at Johnston Atoll, a 12 male monk seals have been relocated there from 
the Hawaiian Archipelago. In 1984, nine adult males were relocated from 
the NWHI to Johnston Atoll, because of attacks on adult females and 
immature seals. At least three of these males were still at Johnston 
Atoll the following year, and at least one male was still there in 
1986. In 1989, two adult males were relocated from the NWHI to Johnston 
Atoll because they were drowning pups. In 2003, an adult male was 
relocated from the MHI to Johnston Atoll because it was habituated to 
humans and exhibiting dangerous behavior. No sighting history is 
available for the latter three monk seals (NMFS unpublished data).

[[Page 27990]]

    Unconfirmed but probable sightings of Hawaiian monk seals outside 
the Hawaiian Archipelago and Johnston Atoll have been reported from 
Palmyra Atoll (1,800 km south of NWHI) and Wake Island (2,000 km 
southwest of NWHI); two seals were sighted on Palmyra Atoll in 1990, a 
seal was sighted on Wake Island in early summer 1966, and a tagged seal 
was sighted on Wake Island in February 1987 (Westlake and Gilmartin,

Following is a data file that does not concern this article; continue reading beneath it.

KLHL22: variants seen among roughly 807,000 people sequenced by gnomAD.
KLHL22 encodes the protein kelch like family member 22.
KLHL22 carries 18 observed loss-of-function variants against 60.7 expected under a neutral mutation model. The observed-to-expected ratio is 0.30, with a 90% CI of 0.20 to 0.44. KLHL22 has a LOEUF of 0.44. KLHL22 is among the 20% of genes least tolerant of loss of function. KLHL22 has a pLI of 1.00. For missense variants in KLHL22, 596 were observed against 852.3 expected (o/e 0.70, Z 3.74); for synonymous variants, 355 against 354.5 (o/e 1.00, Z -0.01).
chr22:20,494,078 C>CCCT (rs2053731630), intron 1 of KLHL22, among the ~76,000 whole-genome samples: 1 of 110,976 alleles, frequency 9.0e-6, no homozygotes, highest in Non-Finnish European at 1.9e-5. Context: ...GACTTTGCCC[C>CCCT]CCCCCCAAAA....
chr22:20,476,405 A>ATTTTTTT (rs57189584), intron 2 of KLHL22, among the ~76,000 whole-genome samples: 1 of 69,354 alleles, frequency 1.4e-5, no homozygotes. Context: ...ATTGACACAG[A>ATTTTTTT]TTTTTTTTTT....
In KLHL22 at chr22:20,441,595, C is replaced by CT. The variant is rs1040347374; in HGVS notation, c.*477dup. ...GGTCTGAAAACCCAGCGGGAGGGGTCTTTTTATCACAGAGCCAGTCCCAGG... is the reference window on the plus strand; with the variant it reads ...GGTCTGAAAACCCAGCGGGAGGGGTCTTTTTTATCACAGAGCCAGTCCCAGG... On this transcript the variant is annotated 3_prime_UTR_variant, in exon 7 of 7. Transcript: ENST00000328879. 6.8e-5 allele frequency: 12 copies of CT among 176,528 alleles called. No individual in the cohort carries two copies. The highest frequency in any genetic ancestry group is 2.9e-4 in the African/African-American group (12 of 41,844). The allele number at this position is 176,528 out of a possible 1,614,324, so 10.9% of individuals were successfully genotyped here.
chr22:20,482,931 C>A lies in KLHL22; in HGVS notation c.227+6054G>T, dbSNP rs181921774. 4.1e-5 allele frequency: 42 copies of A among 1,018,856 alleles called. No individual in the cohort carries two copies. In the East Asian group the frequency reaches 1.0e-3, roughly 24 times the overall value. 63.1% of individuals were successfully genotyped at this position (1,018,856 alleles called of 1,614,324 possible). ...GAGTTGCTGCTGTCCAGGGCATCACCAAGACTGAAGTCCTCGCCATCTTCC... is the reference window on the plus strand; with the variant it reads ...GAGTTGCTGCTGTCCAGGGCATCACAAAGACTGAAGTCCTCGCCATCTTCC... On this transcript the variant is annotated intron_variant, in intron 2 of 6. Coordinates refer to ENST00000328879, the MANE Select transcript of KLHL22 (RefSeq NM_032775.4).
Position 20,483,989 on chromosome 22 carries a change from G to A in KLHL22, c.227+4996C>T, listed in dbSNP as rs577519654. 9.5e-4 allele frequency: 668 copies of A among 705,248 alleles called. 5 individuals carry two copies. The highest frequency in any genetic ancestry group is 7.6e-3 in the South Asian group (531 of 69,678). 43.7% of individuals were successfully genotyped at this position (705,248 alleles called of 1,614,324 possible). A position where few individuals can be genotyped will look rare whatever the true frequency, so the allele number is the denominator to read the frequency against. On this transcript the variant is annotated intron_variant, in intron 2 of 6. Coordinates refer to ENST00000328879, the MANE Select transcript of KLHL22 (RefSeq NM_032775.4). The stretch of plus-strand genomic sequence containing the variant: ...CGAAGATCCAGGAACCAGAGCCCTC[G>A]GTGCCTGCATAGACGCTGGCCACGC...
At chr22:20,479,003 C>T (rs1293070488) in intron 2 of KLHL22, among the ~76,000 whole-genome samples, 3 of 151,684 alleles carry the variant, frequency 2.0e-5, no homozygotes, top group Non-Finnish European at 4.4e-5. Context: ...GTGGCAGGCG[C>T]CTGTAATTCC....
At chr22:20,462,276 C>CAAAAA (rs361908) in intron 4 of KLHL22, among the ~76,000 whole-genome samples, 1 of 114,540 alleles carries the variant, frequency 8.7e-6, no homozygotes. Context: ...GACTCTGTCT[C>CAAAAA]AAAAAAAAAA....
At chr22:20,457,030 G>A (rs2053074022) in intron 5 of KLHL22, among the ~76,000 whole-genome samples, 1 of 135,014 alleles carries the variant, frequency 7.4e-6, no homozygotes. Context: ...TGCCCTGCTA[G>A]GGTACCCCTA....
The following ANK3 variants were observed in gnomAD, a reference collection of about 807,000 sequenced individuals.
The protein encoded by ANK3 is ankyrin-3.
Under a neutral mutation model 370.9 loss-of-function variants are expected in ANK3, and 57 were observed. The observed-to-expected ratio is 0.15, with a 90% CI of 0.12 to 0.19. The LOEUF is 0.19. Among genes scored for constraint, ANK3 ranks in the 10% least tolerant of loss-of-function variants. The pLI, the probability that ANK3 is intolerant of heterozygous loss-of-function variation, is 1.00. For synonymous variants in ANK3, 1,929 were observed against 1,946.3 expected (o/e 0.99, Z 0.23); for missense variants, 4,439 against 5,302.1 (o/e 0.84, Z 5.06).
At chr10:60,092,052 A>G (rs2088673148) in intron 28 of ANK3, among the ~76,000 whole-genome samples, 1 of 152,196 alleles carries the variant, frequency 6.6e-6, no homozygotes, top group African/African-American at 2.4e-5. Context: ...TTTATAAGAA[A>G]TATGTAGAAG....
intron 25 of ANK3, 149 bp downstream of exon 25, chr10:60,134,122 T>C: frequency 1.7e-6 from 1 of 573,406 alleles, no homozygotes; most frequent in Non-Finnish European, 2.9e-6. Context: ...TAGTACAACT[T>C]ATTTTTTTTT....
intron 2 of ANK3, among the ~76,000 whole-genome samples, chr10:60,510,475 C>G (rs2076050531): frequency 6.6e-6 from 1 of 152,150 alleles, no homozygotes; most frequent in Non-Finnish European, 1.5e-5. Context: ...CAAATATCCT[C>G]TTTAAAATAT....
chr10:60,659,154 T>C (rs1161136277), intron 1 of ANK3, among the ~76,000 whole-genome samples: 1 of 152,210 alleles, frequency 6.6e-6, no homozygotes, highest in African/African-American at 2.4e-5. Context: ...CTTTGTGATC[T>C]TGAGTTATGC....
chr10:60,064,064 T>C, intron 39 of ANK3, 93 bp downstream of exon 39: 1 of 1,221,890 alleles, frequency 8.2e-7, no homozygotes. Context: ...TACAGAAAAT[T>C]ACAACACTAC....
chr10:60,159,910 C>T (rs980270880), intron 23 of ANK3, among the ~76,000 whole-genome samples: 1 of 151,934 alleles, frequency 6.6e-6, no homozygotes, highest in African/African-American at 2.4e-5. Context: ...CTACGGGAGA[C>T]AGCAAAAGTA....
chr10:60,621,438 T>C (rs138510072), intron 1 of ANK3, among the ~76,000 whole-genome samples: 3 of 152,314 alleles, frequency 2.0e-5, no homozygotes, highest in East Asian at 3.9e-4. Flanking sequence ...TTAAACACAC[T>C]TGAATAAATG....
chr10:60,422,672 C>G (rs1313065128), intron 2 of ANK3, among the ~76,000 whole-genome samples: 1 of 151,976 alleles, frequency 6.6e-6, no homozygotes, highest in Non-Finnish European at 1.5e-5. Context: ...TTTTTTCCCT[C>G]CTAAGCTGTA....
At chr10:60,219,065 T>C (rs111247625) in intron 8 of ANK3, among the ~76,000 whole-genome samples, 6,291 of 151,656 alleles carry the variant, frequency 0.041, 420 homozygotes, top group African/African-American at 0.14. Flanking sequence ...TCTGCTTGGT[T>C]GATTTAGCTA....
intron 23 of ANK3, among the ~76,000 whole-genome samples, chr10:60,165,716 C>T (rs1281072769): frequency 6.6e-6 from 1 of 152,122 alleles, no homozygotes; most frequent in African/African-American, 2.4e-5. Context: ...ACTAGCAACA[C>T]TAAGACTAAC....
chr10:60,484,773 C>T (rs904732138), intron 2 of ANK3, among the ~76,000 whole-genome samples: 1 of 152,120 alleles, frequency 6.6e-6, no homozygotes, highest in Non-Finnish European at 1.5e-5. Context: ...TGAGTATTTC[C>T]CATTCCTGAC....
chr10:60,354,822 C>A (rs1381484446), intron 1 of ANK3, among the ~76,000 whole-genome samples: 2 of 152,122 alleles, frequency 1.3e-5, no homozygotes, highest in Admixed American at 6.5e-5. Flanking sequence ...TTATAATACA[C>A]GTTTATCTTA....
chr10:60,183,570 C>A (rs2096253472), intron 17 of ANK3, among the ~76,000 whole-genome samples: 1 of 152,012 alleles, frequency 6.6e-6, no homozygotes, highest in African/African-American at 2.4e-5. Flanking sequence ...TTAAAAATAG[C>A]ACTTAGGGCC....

1990, NMFS unpublished data). Other more poorly-documented sightings 
have also been reported from Bikini Atoll and Mejit Island in the 
Marshall Islands (2,400 km southwest of NWHI, NMFS unpublished data).

Population Status and Trends

    The best estimate of Hawaiian monk seal total population size is 
1,208 seals in 2006 (1,125 in the NWHI, 83 in the MHI; NMFS, 2008a). 
Additional population information can be found in the annual Stock 
Assessment Reports (e.g., NMFS, 2006, 2007b, 2008a). The first 
rangewide beach count surveys of Hawaiian monk seals were conducted in 
the late 1950s. Beach counts of juveniles and adults (i.e., all seals 
except pups) declined by 66 percent between the years 1958 and 2006 
(Figure I.C.6 in NMFS, 2007a). More recently, beach counts declined 
rapidly from 1985 to 1993, and then became relatively stable until the 
current decline began in 2001. Total abundance at the six primary NWHI 
sites (French Frigate Shoals, Laysan, Lisianski, Pearl and Hermes, 
Midway, and Kure) is declining at a rate of about four percent per year 
(NMFS 2007a, 2007b, 2008a).
    Since 2000, many sites have shown indications of decline in 
abundance, apparently due to low juvenile survival. The decline at 
French Frigate Shoals is of particular consequence to the welfare of 
the overall population because this site once accounted for over 50 
percent of the total non-pup beach counts in the NWHI. While that 
proportion has now dropped to approximately 25 percent of its observed 
peak, there are still more seals at French Frigate Shoals than any 
other island or atoll. More detail on Hawaiian monk seal population